Logging data

The refdb programs can spill out quite a lot of log messages to keep track of what is happening in your programs. This section explains the basics of setting up your message logging.

What to log

The application server refdbd as well as all command-line clients can generate log messages. Message logging is most important for two purposes:

  • Keep track of non-interactive programs. This includes refdbd as well as all client-side tools if they are run from scripts.

  • Track down bugs or user errors.

A useful approach is to log all messages with a log level (explained below) of 6. This would give you a good overview over the usage of these programs but would not clutter the log files with debug information. Switch to log level 7 only if you suspect a bug or some user error and need the full debug information to understand the problem.

For the interactive use of the clients logging is usually not necessary, so you'd use a log level of -1 to prevent logging altogether or a log level of maybe 3 or 4. In the latter case you'd get log messages only if something goes badly wrong. Again, if you encounter bugs or user errors you may switch on debug messages by using a log level of 7.


There are three possible destinations the log messages can be sent to. Select the proper destination with either the logdest variable in the configuration file or the -e switch on the command line. In both cases the values in the following list are accepted. You may use either the numerical value or the case-insensitive string in brackets, e.g. -e 1 and -e syslog are equivalent.

0 (stderr)

stderr is mostly useful for debugging purposes when refdbd is run as a standalone process and when clients are run interactively. stderr does not make much sense if you run refdbd as a daemon (daemons detach from the console at startup, so all output to stderr is lost).

1 (syslog)

Sending the data to syslog integrates the log data with the rest of your system's log output. The log messages will be sent to the user facility, which usually is configured to write to /var/log/user.log. See the syslog(8) man page for information how to configure the syslog facility.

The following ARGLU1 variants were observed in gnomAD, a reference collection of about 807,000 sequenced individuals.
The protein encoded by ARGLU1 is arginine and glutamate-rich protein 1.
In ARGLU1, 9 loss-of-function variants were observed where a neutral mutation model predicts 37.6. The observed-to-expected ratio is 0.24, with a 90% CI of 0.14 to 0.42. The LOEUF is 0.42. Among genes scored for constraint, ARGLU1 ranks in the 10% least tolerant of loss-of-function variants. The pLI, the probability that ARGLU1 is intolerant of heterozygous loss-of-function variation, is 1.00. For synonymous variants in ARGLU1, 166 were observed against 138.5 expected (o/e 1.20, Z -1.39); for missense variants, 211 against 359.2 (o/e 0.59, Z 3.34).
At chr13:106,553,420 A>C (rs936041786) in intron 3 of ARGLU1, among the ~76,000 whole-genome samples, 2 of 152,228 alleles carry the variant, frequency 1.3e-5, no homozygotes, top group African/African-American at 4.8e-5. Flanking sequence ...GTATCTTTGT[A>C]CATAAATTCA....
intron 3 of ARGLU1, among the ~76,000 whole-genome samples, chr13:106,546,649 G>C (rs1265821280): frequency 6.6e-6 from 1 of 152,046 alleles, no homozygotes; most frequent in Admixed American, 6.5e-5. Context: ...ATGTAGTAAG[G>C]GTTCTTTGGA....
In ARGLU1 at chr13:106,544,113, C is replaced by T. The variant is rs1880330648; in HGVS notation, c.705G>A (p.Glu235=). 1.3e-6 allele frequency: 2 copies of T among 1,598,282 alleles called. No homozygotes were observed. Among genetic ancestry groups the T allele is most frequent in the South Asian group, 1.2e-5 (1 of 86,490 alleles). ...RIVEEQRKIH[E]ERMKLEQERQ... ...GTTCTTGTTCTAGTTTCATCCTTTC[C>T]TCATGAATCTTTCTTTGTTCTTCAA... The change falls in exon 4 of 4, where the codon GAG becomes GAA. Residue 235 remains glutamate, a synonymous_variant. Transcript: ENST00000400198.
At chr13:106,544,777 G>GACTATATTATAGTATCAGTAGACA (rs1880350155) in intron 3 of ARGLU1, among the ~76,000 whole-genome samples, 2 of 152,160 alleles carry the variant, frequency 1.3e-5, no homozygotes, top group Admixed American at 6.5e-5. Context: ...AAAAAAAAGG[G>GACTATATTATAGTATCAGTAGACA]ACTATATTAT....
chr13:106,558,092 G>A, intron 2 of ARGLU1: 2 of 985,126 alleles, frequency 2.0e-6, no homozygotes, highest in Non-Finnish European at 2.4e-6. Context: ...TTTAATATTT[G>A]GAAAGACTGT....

If you run refdbd on Cygwin, the syslog messages are sent to the application message list in the NT message logging system. If you are used to going through your log output with tools like grep and awk, you may find it more useful to write to a custom log file instead.

2 (file)

You can define the full path of a custom log file with either the logfile configuration file parameter or the -L command line option. By default, refdb applications write their log output to /var/log/<appname>.log. Make sure to set the appropriate access rights for these log files.


Some libraries used by refdb, e.g. the PostgreSQL client library, send log messages to stderr. This is not controlled by the log settings of refdbd. The same PostgreSQL log messages show up in the PostgreSQL log which is usually sent to /var/log/pgsql.

Log levels

You can select how verbose the log output of refdbd will be. You can do this by either setting the loglevel configuration file variable or the -l command line option to an appropriate value. You may either use the numerical value or the case-insensitive string as explained in the table below. E.g. -l 5 and -l notice are equivalent. Set the log level to -1 to disable logging completely. Use a value from 0 through 7 to generate increasingly verbose log output. The definitions of the log levels are taken from the include file syslog.h:

Table 5.1. Log level definitions

0emergsystem is unusable
1alertaction must be taken immediately
2critthe system is in a critical condition
3errthere is an error condition
4warningthere is a warning condition
5noticea normal but significant condition
6infoa purely informational message
7debugmessages generated to debug the application

Setting the log level to a given value means that all messages with a priority level up to the given value will be logged. E.g. if you set the log level to 6 (which is a reasonable default value), all messages with a priority from 0 through 6 will be logged, whereas messages with a priority level of 7 will be ignored.


Use log level 7 with caution. The amount of log messages is considerable and sufficient to slow down the application. You should not use this level in everyday use, only to track down bugs or user errors that you may encounter.

Interpreting the log information

If the messages are sent to stderr, only the message proper will be printed. If the messages are sent to the syslog facility, the default format including the process name and process ID is used.

A line in the custom log file looks like this:

6:pid=267:Sun Jul 22 18:39:52 2001:application server started

You will easily recognize the following fields:

message priority

This is the priority assigned to the message by refdbd. The values are explained above.

process ID

This is the process ID (as seen in the ps ax listing) of the refdb process that generated the message. In the case of refdbd this may either be the parent process (the one that generated the above "application server started" message) or one of the children that are forked off to answer client requests.


This is the full time and date information when the message was generated.


This is the message text proper.

The message entries are sufficiently structured to allow easy access to the information with the standard Unix tools like awk and grep.